Regardless of what you may think and see in the media, Bon Jovi has a leader and it’s Jon Bon Jovi. Sure, they’re a band and they each have some say, but in the end, JBJ is driving that ship and it all falls on him. He’s had a hand in writing almost all of their catalog and he alone creates the setlist for their shows every night. They are a well-oiled machine of leadership and execution.

In business it’s crucial to have someone doing the same. In this startup world I know it’s the dream to gather a group of your friends and start a company. Make sure you know who plays what role. Who is leading your venture? Who on the team is responsible for executing on that leadership vision?

I know it’s much more rock n’ roll to not think about having a leader and just relying on the bonds of brotherhood to carry your band (or brand) forward, but it seldom works that way. After a while there will be disagreements of opinion and hurt feelings and before you know it you’ll find yourself on tour in London with no bass player.


I’ve been thinking a lot about which company draws the closest parallel to Bon Jovi in terms of longevity, innovation and relevance. To me, that company is Apple. Like Bon Jovi they went through some ups and down throughout their existence, but they’ve stayed true to their principles and have risen to the top of the technology mountain. They’ve continued to innovate and created products we didn’t even know we wanted, yet managed to stay true to their roots and stay true to their principles of form, function and ease of use. Finally, they did it all with Steve Jobs at the helm. The people at Apple never strayed from him and passionately believed in his vision. In fact, I’ve never seen a single person so tied to a company’s image and values as Steve Jobs is to Apple.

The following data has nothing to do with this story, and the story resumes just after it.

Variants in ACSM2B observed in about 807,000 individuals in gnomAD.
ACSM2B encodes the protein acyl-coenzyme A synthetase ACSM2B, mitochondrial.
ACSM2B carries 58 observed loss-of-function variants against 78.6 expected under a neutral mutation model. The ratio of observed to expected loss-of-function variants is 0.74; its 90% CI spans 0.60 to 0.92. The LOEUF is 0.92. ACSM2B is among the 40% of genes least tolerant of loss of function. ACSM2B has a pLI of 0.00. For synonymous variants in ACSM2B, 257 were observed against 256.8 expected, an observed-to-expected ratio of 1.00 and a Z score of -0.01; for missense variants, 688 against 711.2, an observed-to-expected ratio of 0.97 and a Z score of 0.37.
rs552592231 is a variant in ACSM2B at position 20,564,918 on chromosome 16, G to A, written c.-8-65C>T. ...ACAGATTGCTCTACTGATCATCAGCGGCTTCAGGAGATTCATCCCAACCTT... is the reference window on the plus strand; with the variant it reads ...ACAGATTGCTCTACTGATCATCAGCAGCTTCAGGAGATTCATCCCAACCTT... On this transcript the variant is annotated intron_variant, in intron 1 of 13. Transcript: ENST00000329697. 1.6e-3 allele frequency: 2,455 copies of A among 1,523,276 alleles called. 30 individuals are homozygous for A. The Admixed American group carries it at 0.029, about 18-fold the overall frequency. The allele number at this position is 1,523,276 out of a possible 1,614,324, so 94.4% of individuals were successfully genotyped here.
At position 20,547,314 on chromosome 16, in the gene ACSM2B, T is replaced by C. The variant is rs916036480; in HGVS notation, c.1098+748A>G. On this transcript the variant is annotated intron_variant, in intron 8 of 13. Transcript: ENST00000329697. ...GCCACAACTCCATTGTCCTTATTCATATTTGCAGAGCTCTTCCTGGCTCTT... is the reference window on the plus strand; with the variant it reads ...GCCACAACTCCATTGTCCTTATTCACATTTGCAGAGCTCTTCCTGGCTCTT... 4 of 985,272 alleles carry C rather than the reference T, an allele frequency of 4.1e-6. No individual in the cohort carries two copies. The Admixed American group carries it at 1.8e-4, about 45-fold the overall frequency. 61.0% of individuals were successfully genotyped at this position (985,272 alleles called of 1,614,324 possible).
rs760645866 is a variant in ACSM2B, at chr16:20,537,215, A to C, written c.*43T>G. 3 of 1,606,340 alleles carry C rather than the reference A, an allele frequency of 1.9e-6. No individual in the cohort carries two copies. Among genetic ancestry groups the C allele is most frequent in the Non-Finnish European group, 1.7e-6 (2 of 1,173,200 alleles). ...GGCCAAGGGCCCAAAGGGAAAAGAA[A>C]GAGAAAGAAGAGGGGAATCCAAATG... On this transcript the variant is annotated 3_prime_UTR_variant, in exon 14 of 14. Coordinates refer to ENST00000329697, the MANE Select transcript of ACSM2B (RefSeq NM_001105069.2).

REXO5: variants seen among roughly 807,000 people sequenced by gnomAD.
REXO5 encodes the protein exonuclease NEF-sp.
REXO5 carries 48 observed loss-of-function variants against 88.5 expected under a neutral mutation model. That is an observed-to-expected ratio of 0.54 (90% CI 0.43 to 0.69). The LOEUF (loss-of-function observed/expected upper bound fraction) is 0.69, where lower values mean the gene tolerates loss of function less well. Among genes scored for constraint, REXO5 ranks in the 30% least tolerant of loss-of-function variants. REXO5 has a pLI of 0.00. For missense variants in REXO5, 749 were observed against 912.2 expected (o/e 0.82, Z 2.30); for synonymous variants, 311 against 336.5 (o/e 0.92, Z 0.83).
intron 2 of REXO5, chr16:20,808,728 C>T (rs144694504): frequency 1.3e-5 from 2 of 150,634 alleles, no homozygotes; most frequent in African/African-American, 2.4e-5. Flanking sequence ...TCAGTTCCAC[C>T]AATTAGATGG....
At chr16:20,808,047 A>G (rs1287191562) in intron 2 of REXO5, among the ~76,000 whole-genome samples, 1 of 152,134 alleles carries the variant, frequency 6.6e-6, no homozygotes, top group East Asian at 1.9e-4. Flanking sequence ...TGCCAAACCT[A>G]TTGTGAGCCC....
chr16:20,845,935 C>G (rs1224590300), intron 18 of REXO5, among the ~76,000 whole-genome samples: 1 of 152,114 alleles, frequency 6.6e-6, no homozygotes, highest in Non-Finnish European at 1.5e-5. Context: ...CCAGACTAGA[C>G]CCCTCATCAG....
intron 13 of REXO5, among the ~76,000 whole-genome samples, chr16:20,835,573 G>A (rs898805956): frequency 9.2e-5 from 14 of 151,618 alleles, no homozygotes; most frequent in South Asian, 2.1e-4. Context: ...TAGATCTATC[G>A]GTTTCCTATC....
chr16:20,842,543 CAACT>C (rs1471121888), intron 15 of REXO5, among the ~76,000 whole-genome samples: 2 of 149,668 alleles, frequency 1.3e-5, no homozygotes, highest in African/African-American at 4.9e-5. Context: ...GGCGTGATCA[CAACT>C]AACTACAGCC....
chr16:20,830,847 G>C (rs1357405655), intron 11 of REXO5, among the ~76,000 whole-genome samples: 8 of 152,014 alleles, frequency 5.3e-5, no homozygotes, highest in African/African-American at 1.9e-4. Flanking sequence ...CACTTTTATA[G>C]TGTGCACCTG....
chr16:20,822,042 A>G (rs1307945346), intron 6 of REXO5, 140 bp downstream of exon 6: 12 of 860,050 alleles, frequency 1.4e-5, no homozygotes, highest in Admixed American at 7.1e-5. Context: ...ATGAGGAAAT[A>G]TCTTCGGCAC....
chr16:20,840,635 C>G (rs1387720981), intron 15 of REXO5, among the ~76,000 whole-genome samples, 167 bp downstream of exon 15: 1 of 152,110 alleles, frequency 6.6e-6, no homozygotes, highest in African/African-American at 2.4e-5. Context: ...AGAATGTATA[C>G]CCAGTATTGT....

Whether you’re a fan of Bon Jovi or not, you can’t deny their impact in music. They have sold 130 million albums worldwide over a 25 year span. Currently they’re on tour selling out arenas and stadiums all over the planet. It’s safe to safe they are at the top of their game. That said, I hope that reading this post triggered some creative thoughts around your business. Sometimes going back to basics is what it takes to get us over a hurdle and to the next level.



Overcoming a Weak Link: The iPhone Story

13 Jan